Posted on: April 8, 2019 Posted by: Felicia S. C. Gooden Comments: 0
Scientifically, cosmology is the branch of astronomy that studies the general structure and evolution of the universe, but essentially, cosmology is a philosophical exploration of the origin, structure, elements, laws, and characteristics of the universe. From scientists like Carl Sagan to occultists such as Rudolf Steiner, individuals have used the natural sciences as well as metaphysics and spirituality to gain a better understanding of the origin and nature of the universe. The idea is that understanding the nature of the cosmos and the origin thereof, humanity can better understand its place in the cosmos and make evolutionary advancements in technology and personal/spiritual development by leaps and bounds. While there is truth to this theory from a scientific and materialistic perspective, there is truth to this theory from a spiritual and theological perspective as well.

Physical Cosmology


Currently, the mainstream aspect of the Philosophy of Cosmology focuses on the branch of physics that merely examines the structure and evolution of the universe. Per

the Standard Model

of cosmology, the Big Bang holds true as the point of creation and from there came the expanding, cooling, and developing structures such as stars and galaxies. The philosophy of cosmology rose from the

philosophical questions

that perplex cosmologists in their scientific studies such as:

  1. In what sense, if any, is the universe fine-tuned?
  2. How is the arrow of time related to the special state of the universe?
  3. What part should unobservable realms play in cosmological models?
  4. What is the role of infinity in cosmology?
  5. Are space and time emergent or fundamental?
  6. How do physical laws and causality apply to the universe as a whole?
Anthropic reasoning is used in attempts to answer the questions. The theory that an

Anthropic Principle

(coined and proposed by Brandon Carter in Poland in 1973) supposes that humanity’s state as carbon-based creatures implies the nature of the universe has a correlative (observed-observer) relationship to humanity. There are multiple Anthropic Principle theories that explore this notion further and reinforce the concept of an “intelligent observer” having influence over the cosmos

Religious Cosmology

The essential nature of the philosophy of cosmology requires the philosopher and cosmologist to dig deeper into the spiritual, metaphysical, and even religion considerations of the creation of the universe and the nature of the cosmos. From the Genesis story of creation in the Holy Bible to Krishna revealing the true nature of “himself”, reality, and the levels of consciousness in the universe in the Bhagavad Gita, spiritual and religious traditions from time immemorial have illustrated a cosmology that is in conformity with the anthropic principle – a sentient being or consciousness exerting influence over the universe and observing evolutionary progress.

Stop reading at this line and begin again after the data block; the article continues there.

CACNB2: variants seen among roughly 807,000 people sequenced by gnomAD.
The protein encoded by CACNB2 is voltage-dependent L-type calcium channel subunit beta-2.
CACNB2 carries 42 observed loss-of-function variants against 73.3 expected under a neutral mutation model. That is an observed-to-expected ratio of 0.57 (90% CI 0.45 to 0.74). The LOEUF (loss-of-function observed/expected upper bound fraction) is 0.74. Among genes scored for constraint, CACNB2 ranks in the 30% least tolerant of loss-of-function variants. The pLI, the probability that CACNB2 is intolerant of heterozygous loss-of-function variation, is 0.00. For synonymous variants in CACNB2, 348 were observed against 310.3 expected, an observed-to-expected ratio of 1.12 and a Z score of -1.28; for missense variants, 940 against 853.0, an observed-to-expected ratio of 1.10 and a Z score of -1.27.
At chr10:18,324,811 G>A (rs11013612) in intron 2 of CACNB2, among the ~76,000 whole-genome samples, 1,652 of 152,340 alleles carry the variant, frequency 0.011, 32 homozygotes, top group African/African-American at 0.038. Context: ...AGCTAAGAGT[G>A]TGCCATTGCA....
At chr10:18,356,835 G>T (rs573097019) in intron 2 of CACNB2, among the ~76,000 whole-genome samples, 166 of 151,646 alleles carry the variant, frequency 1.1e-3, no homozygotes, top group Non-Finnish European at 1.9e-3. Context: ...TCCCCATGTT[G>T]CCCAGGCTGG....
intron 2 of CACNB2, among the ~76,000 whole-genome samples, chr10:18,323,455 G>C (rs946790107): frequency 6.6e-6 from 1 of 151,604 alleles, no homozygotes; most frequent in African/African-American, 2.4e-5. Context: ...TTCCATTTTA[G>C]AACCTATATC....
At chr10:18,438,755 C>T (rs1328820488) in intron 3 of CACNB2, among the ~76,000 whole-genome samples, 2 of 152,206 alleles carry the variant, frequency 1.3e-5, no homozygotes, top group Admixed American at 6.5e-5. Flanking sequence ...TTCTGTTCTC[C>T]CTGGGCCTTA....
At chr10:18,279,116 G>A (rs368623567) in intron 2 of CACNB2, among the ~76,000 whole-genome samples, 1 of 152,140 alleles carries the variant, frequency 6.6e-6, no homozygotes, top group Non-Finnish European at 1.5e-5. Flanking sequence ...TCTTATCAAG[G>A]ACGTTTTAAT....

What is interesting about linking spiritual and religious philosophies to scientific anthropic reasoning is the consistent theme of an observer-observed relationship. In Eastern spiritual and mystical circles, where the path to self-mastery is emphasized, students are taught to be “observers” to their own thoughts and events of everyday life. The Buddhist path emphasizes the spiritual and psychological act of detachment from material living to consciously transcend the perception of suffering and becoming merely an observer to one’s existence. In Western esoteric spirituality and occult sciences, the adage “As above, so below” is a common reminder that what takes place in the universe is reflected in humanity and life on earth. For example, just as a sentient being or consciousness creates, orchestrates, and observes the cosmos, so too does humanity create, orchestrate, and observe life on earth. This same “As above, so below” concept is reflected in the Bible, where God is the creator and observer of the universe, and man is a co-creator of sorts, chosen to be a steward and observer of all life on earth.
It seems that the nature of the cosmos cannot be fully understood without thorough understanding of the theological and spiritual teachings of human cultures. Although scientific cosmology seeks to comprehend the origin and nature of the universe through pure materialistic, scientific study and mathematical calculations fueled by left brain functions, the right-brain, philosophical and conceptual understanding of the nature of the universe is vital to compiling a complete view of the cosmos.


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